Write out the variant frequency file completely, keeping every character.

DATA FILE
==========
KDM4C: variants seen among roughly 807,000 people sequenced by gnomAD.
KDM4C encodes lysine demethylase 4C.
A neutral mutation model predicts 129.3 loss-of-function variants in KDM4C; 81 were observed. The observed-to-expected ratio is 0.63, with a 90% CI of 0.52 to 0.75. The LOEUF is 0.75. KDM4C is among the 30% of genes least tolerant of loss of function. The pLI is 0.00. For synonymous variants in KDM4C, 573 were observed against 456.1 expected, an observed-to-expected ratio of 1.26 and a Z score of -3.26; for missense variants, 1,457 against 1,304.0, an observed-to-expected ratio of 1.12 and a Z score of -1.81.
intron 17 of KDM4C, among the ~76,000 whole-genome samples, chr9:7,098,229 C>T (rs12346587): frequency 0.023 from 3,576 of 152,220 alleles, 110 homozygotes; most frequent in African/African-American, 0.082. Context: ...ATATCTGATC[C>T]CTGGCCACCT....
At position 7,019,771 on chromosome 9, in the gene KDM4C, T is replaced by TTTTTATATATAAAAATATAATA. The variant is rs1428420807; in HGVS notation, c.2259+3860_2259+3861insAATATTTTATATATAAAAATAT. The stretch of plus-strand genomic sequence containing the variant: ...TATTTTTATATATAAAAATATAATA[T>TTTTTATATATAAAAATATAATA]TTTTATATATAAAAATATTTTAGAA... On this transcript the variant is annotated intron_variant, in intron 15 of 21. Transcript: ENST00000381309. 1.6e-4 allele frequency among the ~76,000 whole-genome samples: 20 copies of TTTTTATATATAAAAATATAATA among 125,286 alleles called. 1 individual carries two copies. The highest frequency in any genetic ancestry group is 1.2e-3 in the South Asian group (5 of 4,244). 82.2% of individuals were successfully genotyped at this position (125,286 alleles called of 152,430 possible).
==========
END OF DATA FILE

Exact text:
KDM4C: variants seen among roughly 807,000 people sequenced by gnomAD.
KDM4C encodes lysine demethylase 4C.
A neutral mutation model predicts 129.3 loss-of-function variants in KDM4C; 81 were observed. The observed-to-expected ratio is 0.63, with a 90% CI of 0.52 to 0.75. The LOEUF is 0.75. KDM4C is among the 30% of genes least tolerant of loss of function. The pLI is 0.00. For synonymous variants in KDM4C, 573 were observed against 456.1 expected, an observed-to-expected ratio of 1.26 and a Z score of -3.26; for missense variants, 1,457 against 1,304.0, an observed-to-expected ratio of 1.12 and a Z score of -1.81.
intron 17 of KDM4C, among the ~76,000 whole-genome samples, chr9:7,098,229 C>T (rs12346587): frequency 0.023 from 3,576 of 152,220 alleles, 110 homozygotes; most frequent in African/African-American, 0.082. Context: ...ATATCTGATC[C>T]CTGGCCACCT....
At position 7,019,771 on chromosome 9, in the gene KDM4C, T is replaced by TTTTTATATATAAAAATATAATA. The variant is rs1428420807; in HGVS notation, c.2259+3860_2259+3861insAATATTTTATATATAAAAATAT. The stretch of plus-strand genomic sequence containing the variant: ...TATTTTTATATATAAAAATATAATA[T>TTTTTATATATAAAAATATAATA]TTTTATATATAAAAATATTTTAGAA... On this transcript the variant is annotated intron_variant, in intron 15 of 21. Transcript: ENST00000381309. 1.6e-4 allele frequency among the ~76,000 whole-genome samples: 20 copies of TTTTTATATATAAAAATATAATA among 125,286 alleles called. 1 individual carries two copies. The highest frequency in any genetic ancestry group is 1.2e-3 in the South Asian group (5 of 4,244). 82.2% of individuals were successfully genotyped at this position (125,286 alleles called of 152,430 possible).